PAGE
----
The finest achievement of Faberge's craftsman were their incomparable translucent guilloche enamels, inspired by French objects of art.
As far as I'm concerned, that one sentence from the exhibit explains why it's so hard for me to see the pieces in "Faberge Revealed" as art.
Oh, they're beautiful. Skilled Faberge craftsmen used painstaking techniques to craft some of the most beautiful objects ever made for a tiny group of incredibly wealthy people.
But they took their inspiration from art. They were making objects for sale. Faberge is all about stuff.
And because I'm not much of a "stuff" person, I wasn't fawning over the pieces in the exhibit.
The objects that captured my attention were so ostentatious, so over the top, that I found it difficult to focus on anything but that.
An opulent silver caviar dish over a foot long and shaped like a sturgeon (teeth and all!) with a well to hold an obscene amount of caviar was the definition of flamboyance.
The show is full of cigarette cases, parasol handles, sweetmeat boxes, cane handles (all made with colored golds, precious gems and enamels) and other accoutrements of the rich.
A dessert cutlery set included such things as sweetmeat forks in two sizes, sliced fruit forks, pastry slicers, a pie spade and two lemon squeezers.
Sounds like I would have loved going for dessert at the Tsar's house.
In other examples of over-the-top excess, there was a match striker (two-colored gold, Cabochon sapphire and enamel), a match safe (even smaller, just as showy) and a bookmark (diamonds and gold).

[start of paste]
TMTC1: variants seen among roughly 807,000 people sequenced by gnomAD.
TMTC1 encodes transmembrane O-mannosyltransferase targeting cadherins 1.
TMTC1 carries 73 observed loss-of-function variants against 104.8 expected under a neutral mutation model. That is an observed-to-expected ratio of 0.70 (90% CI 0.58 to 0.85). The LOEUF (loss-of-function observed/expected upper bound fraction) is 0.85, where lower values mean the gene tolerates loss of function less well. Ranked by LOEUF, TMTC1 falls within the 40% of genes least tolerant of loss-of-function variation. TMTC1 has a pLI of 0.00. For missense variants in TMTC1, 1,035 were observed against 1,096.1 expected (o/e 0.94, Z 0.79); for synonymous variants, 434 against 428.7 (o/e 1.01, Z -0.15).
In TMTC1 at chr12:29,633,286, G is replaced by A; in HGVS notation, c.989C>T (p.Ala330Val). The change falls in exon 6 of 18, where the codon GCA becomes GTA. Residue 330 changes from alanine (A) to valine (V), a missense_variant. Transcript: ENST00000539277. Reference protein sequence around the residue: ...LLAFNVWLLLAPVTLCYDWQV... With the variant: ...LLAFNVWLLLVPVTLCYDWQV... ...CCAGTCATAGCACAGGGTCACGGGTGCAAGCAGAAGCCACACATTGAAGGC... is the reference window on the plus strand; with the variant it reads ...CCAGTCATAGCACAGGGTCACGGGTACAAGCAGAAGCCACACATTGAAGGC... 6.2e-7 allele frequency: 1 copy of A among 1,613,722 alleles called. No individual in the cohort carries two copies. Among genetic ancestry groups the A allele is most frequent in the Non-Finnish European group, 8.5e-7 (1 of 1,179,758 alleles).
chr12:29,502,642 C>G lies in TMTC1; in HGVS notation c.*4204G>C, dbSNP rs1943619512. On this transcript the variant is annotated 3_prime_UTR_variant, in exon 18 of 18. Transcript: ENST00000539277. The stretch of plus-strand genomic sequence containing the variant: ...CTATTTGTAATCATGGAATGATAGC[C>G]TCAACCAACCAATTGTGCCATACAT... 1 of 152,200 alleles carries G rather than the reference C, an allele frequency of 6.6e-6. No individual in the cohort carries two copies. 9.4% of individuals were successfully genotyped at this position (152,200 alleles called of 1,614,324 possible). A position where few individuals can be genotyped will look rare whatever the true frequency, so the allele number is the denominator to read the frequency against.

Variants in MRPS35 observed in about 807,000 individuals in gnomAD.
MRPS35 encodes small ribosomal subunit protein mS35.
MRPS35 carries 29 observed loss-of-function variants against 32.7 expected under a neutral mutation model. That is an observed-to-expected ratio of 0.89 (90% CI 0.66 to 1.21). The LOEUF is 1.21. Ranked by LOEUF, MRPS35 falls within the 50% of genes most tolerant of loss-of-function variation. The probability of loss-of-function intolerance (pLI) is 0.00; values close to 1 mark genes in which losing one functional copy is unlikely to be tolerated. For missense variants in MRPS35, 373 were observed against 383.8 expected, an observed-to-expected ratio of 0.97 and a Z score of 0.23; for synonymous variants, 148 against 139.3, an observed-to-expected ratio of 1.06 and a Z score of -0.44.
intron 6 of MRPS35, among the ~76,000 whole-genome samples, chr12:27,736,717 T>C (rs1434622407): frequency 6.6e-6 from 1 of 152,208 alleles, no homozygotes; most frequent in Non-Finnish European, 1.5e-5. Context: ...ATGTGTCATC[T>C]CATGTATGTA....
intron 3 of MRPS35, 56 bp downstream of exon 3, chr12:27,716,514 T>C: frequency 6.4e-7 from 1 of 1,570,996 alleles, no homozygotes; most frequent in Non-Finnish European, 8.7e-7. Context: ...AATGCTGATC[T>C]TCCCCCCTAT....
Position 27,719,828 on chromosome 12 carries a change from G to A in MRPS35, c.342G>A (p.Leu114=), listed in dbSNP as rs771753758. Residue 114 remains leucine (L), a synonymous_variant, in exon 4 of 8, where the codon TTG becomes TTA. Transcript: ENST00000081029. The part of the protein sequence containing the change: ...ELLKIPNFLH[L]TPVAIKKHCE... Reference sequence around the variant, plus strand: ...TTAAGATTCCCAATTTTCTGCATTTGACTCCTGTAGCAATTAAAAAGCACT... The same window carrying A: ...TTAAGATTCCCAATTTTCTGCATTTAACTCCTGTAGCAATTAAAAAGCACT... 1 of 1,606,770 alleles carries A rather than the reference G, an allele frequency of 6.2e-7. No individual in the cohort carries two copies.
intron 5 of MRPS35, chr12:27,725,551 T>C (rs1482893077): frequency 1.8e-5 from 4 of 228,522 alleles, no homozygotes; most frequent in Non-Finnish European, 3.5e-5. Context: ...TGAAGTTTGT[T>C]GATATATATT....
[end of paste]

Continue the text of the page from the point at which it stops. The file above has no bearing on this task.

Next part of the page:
Leaving the exhibit we passed through the gift shop where an employee wore a tiara. How appropriate.
Afterwards, my friends and I discussed what we'd just seen and a couple of things became clear.
The show has hundreds of objects, so plan to see it in smaller bites so that museum fatigue doesn't set in. The objects are small and there's a lot of fascinating stuff worth reading. A lot.
And, truth be told, some people appreciate "stuff" more than others. My friend loves to shop and loves collecting things.
I hate to shop and although I do love buying local art, I eschew "stuff." So we could see where the show had much more appeal for him than it did for me.
My appreciation of the beauty of the pieces was marred by the sense that it was a) a business venture and b) intended only for a tiny percentage of people ever to see or experience.
Ironically now much of it is in museums for even the lowliest people to see, enjoy or disdain, so the ultimate joke is on Faberge.
But you won't know how Faberge moves you until you take the time to see the show.
And even if you think you already know, everyone needs to see a jewel-encrusted match safe before they die.
Tiara-wearing is optional.